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Hearty Lentil and Sausage Soup

Hearty Lentil and Sausage Soup

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This robust one-pot dinner packs in lentils, sausage and plenty of vegetables, including mushrooms, spinach, onions and garlic. A loaf of crusty bread is the only accompaniment you need for a complete meal.


  • 2 Tablespoons olive oil
  • 1/2 Cup chopped carrots
  • 1/2 Cup chopped celery
  • 1/2 Cup chopped yellow onion
  • 2 Tablespoons finely chopped garlic
  • 1/2 Pound sweet or hot Italian sausage, casings removed
  • 1/2 Pound mushrooms
  • 1 Cup dried French or brown lentils, picked through and rinsed
  • 2 1/2 Cups beef broth
  • 2 1/2 mushroom or low-sodium chicken broth
  • 1 Cup chopped tomatoes, with their juice
  • 1 Cup dry red wine
  • 1 Pinch of red pepper flakes
  • 1/4 Pound baby spinach, thinly sliced
  • 1/2 Teaspoon salt
  • Black pepper
  • 1 Tablespoon chopped thyme
  • 6 Teaspoons grated Parmesan cheese, for garnish


Calories Per Serving355

Folate equivalent (total)215µg54%

Riboflavin (B2)0.5mg28.1%

Hearty Red Lentil and Sausage Soup

Here is my YouTube video for making the Lentil and Sausage Soup.
There's a big blooper in the video. I didn't realize I had made that mistake until it was too late for me to reshoot.

Tip#1 Freeze tomato paste from the can in one tablespoon portions. Wrap each tablespoon of tomato paste in a piece of plastic wrap and place the packets into a freezer-safe bag or container.

Tip #2 Use a garlic press when using fresh garlic in a soup. The garlic will meld into the soup and you won't get pieces of garlic in your mouth when eating the soup.

Red Lentil and Sausage Soup

  • 1 large onion, diced
  • 1 large carrot, diced
  • 1 cup red lentils
  • 1/2 pound hot Italian sausages, removed from casing
  • 3 cloves of garlic
  • 1 Tablespoon tomato paste
  • 1 teaspoon ground cumin
  • 1 teaspoon kosher salt
  • 1/4 teaspoon black pepper
  • 6 cups chicken stock
  • 1/2 lemon, optional

Brown the loose sausage meat in a soup pot over medium heat. Add the onion and cook until soft and translucent.

Add the garlic, spices, and tomato paste. Stir to combine and cook for a minute or two.

Add the diced carrot, lentils and chicken stock. Bring to a boil and reduce to simmer. Partially cover and simmer for 30 minutes.

Serve as-is for a delicious homestyle soup. You may also cool the soup slightly and puree half of the soup for a smoother texture. Squeeze a little lemon into the soup for added brightness.

Related Video

Excellent! I used homemade turkey broth, turkey kielbasa and added a little cumin and smoked paprika. It's amazing how much the vinegar at the end brings this from very good to extraordinary.

Love using the french lentils. I tripled the recipe and the only change I made was that I used vidalia onions and their size was large and not medium. The smoked sausage I used was Kielbasa. I made them the night before but added the Kielbasa the day of it being consumed. Plenty of taste, no need to add anything else!!

I have made this recipe every winter for years. It's easy, tasty, and satisfying.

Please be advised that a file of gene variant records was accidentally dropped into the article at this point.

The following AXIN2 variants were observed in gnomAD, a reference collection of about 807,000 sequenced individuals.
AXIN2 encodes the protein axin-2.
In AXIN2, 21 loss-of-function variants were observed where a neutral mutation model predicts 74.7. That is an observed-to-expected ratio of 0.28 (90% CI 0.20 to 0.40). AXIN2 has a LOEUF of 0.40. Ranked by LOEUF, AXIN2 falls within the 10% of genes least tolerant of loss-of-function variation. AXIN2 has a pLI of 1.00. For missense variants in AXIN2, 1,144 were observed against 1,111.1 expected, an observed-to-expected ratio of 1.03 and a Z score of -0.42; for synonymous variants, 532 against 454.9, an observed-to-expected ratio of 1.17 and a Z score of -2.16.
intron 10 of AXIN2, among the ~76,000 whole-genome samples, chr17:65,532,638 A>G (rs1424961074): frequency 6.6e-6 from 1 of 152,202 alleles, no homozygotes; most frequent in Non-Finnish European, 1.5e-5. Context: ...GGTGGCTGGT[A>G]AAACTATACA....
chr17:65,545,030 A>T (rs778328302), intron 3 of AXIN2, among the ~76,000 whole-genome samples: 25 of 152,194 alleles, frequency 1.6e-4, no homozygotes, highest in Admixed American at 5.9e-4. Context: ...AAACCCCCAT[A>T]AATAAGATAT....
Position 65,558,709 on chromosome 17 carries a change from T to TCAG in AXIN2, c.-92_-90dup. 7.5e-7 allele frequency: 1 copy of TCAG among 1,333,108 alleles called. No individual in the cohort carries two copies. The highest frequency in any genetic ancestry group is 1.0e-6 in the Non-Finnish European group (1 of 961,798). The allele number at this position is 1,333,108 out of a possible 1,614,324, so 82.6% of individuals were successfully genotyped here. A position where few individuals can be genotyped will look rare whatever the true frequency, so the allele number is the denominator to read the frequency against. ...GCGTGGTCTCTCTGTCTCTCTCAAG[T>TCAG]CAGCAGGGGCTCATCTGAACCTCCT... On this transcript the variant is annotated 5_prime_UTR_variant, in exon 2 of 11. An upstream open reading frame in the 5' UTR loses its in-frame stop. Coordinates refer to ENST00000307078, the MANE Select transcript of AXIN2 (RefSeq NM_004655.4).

made with venison sausage and some chicken stock - simple and delicious. kids loved it!

Excellent. Delicate and wonderful flavors. French lentils a must. Added a bay leaf. And extra water, as I like it a little thinner.

I made this as written, with two minor exceptions: 1) I substituted low-sodium chicken broth for the water and omitted the salt, and 2) bought hot Italian sausage without the casing (they sell it at my Whole Foods) which I browned first and then added back in at the end. Really simple and quite delicious.

This was a good recipe - but I used Creole Country tasso and added tomato paste as another recipe suggested. Delicious.

This is a nice, hearty and easy soup. I've made it several times and even my kids like it. Don't forget to add the vinegar at the end - I forgot once and it wasn't nearly as good.

This is a great starter recipe for lentils. My daughter hates anything that resembles beans but loves this recipe. I add a potato some fresh garlic and use stock instead of water and it is the bomb

The only tweak I made to this was to use 4oz of bacon instead of smoked sausage (it was "clean out the refrigerator" night). I cut the bacon into small bits, fried, let it drain, then crumbled into the finished soup after adding the balsamic. This is a great soup as-is. If you want it thicker, try removing the lid from time to time while the lentils are cooking. It really doesn't need any thickening agents at all.

I have made this soup several times as written. Last evening I decided to try some of the suggestions. I added garlic, a can of pureed tomatoes, and a dash of Spanish smoked paprika. It was truly outstanding!

The soup was good/simple, but lacked depth of flavor for me. Maybe adding some spices to the mirepoix would make it more appealing to me.

I have made this soups so many times. Standard deviations are--adding one (large) can of diced tomatoes and a heaping spoonful of minced garlic. Like other cooks, I've used turkey smoked sausage. Love it!

This dish is really good and not unlike some Italian recipes. I don't think the people who have written comments like ɻland', �-stock', and all manner of other ghastly ideas, have any appreciation for really good simple peasant food, (that's what this is). If you use the right ingredients you will be rewarded with a fine dish. If you don't like the look of it, make something else.

This was very nice. I have trouble finding French sausages here (even though we're only a few hundred miles away, go figure) so ended up using a dried sausage which didn't need frying. We also substituted some of the water with chicken stock. A nice simple winter soup.